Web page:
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How to explore the needs of informal caregivers of individuals with cognitive impairment in Alzheimer’s disease or related diseases? A systematic review of quantitative and qualitative studies

Abstract

Background

This study aims to review the methodologies used to identify the needs, the existing needs assessment instruments and the main topics of needs explored among caregivers of patients with mild cognitive impairment to dementia.

Methods

MEDLINE, PsycINFO, The Cochrane Library and Web of science were searched from January 1980 to January 2017. Research studies in English or French were eligible for inclusion if they fulfilled the following criteria: quantitative, qualitative and mixed method studies that used instrument, focus group or semi-structured interviews to assess the informal caregiver’s needs in terms of information, coping skills, support and service.

Results

Seventy studies (n = 39 quantitative studies, n = 25 qualitative studies and n = 6 mixed method studies) met the inclusion criteria and were included. Thirty-six quantitative instruments were identified but only one has been validated for the needs assessment of dementia caregivers: the Carer’s Needs Assessment for Dementia (CNA-D). The main areas of needs explored in these instruments were: information, psychosocial, social, psychoeducational and other needs.

Conclusions

No instrument has been developed and validated to assess the needs of informal caregivers of patients with cognitive impairment, whatever the stage and the etiology of the disease. As the perceived needs of caregivers may evolve with the progression of the disease and the dementia transition, their needs should be regularly assessed.

Peer Review reports

Background

The informal caregiver of people with cognitive impairment is often a spouse or a child, providing supervision, support and assistance with daily living activities during all stages of the disease to maintain the care recipient at home [1]. Prevalence of Mild Cognitive Impairment (MCI) ranges from 3 to 19% in adults older than 65 years [2]. In addition, the number of people with dementia in the world is expected to rise from 35.6 million in 2010 to an estimated 115.4 million in 2050 [3]. This will be associated with an increasing number of informal caregivers whose role represents a major societal and economic issue [4, 5].

Cognitive impairment, progressive loss of autonomy and behavioural disorders associated with the evolution of Alzheimer’s Disease and Related Diseases (ADRD) may lead to increased caregiver burden [6, 7]. This burden may have physical, psychological, emotional, social and financial impact on the informal caregiver [8]. Several studies have shown that caring for people with dementia was associated with depression, anxiety, greater risk of hypertension and heart disease, decreased immunity and higher mortality [913].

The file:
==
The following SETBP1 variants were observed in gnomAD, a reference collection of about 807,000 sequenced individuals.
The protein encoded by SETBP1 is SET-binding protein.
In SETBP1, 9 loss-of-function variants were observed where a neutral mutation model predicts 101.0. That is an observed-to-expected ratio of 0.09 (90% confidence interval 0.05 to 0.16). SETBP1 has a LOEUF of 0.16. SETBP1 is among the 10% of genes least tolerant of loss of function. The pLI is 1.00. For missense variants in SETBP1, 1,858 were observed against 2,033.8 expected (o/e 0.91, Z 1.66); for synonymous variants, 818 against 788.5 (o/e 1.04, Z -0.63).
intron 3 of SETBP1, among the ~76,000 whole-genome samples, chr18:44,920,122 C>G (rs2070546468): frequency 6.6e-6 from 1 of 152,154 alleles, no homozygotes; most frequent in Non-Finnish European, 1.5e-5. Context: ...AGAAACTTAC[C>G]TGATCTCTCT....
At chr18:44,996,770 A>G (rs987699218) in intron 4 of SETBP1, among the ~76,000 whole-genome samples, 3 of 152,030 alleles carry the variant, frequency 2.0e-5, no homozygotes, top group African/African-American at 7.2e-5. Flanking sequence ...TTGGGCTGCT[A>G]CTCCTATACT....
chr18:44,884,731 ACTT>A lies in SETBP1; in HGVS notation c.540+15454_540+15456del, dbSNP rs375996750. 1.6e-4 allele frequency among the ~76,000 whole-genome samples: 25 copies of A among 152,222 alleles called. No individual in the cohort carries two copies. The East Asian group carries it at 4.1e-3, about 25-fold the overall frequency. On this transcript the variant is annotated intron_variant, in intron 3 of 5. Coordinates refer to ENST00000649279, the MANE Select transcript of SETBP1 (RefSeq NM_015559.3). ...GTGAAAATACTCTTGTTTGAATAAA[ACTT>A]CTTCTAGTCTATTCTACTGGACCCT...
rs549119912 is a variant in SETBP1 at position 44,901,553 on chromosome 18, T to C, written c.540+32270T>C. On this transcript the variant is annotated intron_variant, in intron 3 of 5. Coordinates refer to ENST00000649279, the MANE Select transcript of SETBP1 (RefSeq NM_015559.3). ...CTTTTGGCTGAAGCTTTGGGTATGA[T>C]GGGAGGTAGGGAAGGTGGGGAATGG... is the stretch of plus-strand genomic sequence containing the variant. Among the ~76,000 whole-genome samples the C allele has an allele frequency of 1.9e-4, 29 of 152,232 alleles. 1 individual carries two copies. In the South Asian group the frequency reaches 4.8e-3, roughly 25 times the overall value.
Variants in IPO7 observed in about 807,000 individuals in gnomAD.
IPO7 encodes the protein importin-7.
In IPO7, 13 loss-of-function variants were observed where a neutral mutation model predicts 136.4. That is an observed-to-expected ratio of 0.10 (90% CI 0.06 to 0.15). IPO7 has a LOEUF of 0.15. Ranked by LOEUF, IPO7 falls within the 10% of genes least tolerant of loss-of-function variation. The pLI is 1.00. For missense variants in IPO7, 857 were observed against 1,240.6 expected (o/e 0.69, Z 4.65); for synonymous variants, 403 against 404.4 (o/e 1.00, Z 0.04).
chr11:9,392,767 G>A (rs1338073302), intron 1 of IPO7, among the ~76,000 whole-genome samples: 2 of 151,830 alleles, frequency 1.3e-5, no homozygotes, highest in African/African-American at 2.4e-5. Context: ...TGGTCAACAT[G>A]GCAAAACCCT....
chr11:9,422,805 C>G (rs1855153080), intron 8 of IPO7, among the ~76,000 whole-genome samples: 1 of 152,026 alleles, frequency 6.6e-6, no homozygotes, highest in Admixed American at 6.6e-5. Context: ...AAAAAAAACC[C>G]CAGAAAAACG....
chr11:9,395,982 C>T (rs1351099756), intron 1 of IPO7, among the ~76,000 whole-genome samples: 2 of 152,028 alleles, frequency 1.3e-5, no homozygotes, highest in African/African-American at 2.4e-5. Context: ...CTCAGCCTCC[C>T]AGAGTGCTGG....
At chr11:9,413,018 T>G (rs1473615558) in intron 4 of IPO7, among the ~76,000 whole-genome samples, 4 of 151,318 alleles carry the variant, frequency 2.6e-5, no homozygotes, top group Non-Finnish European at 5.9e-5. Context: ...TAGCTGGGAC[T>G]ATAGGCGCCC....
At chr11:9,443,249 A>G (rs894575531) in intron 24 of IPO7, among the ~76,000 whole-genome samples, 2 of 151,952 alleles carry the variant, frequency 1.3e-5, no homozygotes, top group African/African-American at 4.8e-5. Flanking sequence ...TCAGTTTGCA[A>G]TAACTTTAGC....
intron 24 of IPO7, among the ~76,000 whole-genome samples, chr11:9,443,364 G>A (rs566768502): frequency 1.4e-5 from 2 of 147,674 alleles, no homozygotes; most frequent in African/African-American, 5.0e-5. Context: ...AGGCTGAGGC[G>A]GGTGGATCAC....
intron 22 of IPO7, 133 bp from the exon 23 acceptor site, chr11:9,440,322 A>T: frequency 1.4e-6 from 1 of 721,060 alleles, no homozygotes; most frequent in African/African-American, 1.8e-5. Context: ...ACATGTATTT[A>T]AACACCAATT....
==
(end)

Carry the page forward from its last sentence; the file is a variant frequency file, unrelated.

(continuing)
The increasing frailty of the caregiver has been shown to predict an early institutionalization of the patient over time [14]. Despite caregivers of people with dementia often providing intensive levels of assistance, their use of support services is low. A review showed that one third of caregivers did not use any service and one fourth caregivers used only one service [15]. In addition, previous studies have shown a large number of unmet needs were correlated with a higher burden and an increase in caregiver strain and depressive symptoms [1623]. To ensure the service utilization by the caregivers and to minimize their burden, the supply (support, services) and the demand (caregivers’ needs) must be appropriate. Indeed, informal caregivers and professionals may differ in their perspectives to assess caregivers’ needs and in prioritising subsequent interventions and supports [24]. The assessment of the caregivers’ met and unmet needs represent a first step (i) to determine services or care plans for community-based programs and planning service delivery [25] (policy purposes); (ii) to refer caregivers to appropriate support and resources based on gaps-in needs identified and to ensure the service utilization (clinical purposes); and (iii) to design research programs for the caregivers (research purposes). This assessment can also be used when carrying out trials of interventions intended to improve caregiver outcomes including reducing unmet needs (Research purposes). Our research questions are: How to explore the caregivers’ needs of individuals with cognitive impairment and what methods are used?